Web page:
My twelve year old son Sam and I spent the first week of August at the WoodenBoat School, out near the end of the Blue Hill peninsula on the coast of Maine. It was family boatbuilding week and we were there, with three other families, to build an Echo Bay Dory Skiff, a 12' long lug-rigged sailboat, under the tutelage of a skilled boat builder. All of us were amateurs, none with much experience – some had never done any woodworking before at all. We started out Monday morning with four sheets of plywood and a stack of lumber and left five days later with a boat on top of our car. In between, we learned a lot about boats and boatbuilding, and about ourselves.
WoodenBoat has its roots in the skills transfer movement of the 1970's. At the time, as fiberglass replaced wood as the boatbuilding material of choice and elderly artisans retired or died, maritime historians (and others) worried that we might succeed in preserving traditional small craft as objects in museum collections, but not the knowledge, experience and craftsmanship needed to make them. This spurred the formation of boatbuilding apprenticeship programs around the country, many of them museum-based, where master builders provided hands-on instruction to eager young acolytes. A half century later a surprising number of those new age apprentices have stayed in the field, and nowadays they and some of their students are passing the same skills along to another generation.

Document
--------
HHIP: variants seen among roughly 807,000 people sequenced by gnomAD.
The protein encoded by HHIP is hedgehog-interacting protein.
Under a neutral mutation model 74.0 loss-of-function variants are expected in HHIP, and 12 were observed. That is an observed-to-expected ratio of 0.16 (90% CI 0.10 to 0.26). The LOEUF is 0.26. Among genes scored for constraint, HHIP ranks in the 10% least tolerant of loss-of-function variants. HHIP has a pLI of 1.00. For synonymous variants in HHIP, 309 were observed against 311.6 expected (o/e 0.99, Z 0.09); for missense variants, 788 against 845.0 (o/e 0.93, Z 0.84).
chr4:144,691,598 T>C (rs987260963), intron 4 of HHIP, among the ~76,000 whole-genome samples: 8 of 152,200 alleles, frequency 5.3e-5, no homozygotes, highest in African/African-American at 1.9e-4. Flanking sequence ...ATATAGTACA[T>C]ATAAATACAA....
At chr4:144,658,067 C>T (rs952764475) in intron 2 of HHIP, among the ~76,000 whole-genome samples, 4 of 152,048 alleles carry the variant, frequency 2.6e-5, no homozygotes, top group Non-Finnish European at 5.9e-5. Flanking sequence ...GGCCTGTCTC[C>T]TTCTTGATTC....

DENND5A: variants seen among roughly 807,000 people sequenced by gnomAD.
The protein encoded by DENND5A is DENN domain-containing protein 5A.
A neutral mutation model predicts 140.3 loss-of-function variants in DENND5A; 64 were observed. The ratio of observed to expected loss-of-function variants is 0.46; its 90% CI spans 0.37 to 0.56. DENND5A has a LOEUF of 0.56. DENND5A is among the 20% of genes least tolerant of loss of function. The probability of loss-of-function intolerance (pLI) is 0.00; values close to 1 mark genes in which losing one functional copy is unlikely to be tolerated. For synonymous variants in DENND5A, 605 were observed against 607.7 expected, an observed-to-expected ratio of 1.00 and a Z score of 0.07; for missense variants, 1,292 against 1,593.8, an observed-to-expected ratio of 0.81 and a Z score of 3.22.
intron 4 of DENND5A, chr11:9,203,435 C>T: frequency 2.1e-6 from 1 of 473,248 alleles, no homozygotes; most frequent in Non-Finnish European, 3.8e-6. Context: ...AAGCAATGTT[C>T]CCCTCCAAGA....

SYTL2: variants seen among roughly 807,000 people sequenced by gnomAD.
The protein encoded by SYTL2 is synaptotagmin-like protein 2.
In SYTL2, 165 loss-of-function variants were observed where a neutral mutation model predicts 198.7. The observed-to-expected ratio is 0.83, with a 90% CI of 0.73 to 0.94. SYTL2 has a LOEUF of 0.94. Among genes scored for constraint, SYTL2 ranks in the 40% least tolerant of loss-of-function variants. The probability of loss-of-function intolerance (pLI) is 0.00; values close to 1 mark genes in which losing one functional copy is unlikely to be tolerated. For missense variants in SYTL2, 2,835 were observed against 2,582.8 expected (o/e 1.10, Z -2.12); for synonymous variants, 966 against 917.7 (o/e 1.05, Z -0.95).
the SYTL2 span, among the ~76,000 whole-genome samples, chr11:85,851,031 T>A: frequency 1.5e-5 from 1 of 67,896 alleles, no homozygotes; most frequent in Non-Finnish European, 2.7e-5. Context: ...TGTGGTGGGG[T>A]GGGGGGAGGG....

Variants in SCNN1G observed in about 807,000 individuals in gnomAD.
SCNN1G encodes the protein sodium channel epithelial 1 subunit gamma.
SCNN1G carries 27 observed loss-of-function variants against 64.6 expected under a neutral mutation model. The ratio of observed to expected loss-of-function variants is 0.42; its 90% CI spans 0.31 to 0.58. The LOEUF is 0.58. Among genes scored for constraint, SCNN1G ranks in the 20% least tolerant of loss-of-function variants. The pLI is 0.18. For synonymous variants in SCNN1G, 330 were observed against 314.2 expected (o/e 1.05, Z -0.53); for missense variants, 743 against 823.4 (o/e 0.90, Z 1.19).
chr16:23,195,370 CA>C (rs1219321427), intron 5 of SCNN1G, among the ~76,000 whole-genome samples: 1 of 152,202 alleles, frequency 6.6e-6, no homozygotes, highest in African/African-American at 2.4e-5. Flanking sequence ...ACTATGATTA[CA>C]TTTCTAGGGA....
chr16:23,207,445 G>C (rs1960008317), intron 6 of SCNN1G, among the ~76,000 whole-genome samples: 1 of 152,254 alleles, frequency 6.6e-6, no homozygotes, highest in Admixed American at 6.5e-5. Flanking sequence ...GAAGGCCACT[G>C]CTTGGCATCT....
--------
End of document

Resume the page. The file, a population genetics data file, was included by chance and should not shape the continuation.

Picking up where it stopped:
Which is how Sam and I came to find ourselves working 10 - 12 hour days in a beautiful old brick barn on the shores of Eggemoggin Reach. With the remarkably patient guidance of our instructor, Clint Chase, we sawed and drilled and screwed and glued and planed and sanded (and fretted and sweated and swore) as we gradually, unbelievably, persuaded flat, rectilinear, often uncooperative pieces of wood to take on the graceful compound curves of a little boat. The result is far from perfect, but we made it ourselves, and when we launched Red Knot into our cove a few weeks later – and it actually floated! – it contained not only a proud father and son but an aggregation of newfound confidence and capability.
In almost all of our exhibit design projects we pay ritual lip service to the importance of experiential learning, and we're constantly trying to come up with new ideas for interactives. Far too often, unfortunately, what that translates into is pushing a button. What we rarely if ever have an opportunity to do – because it takes too long, is too complicated, isn't reliable enough, requires too much commitment, etc., etc., etc. – is engage our guests in making or doing something real – in the transformative experience of good hard work. And that's too bad.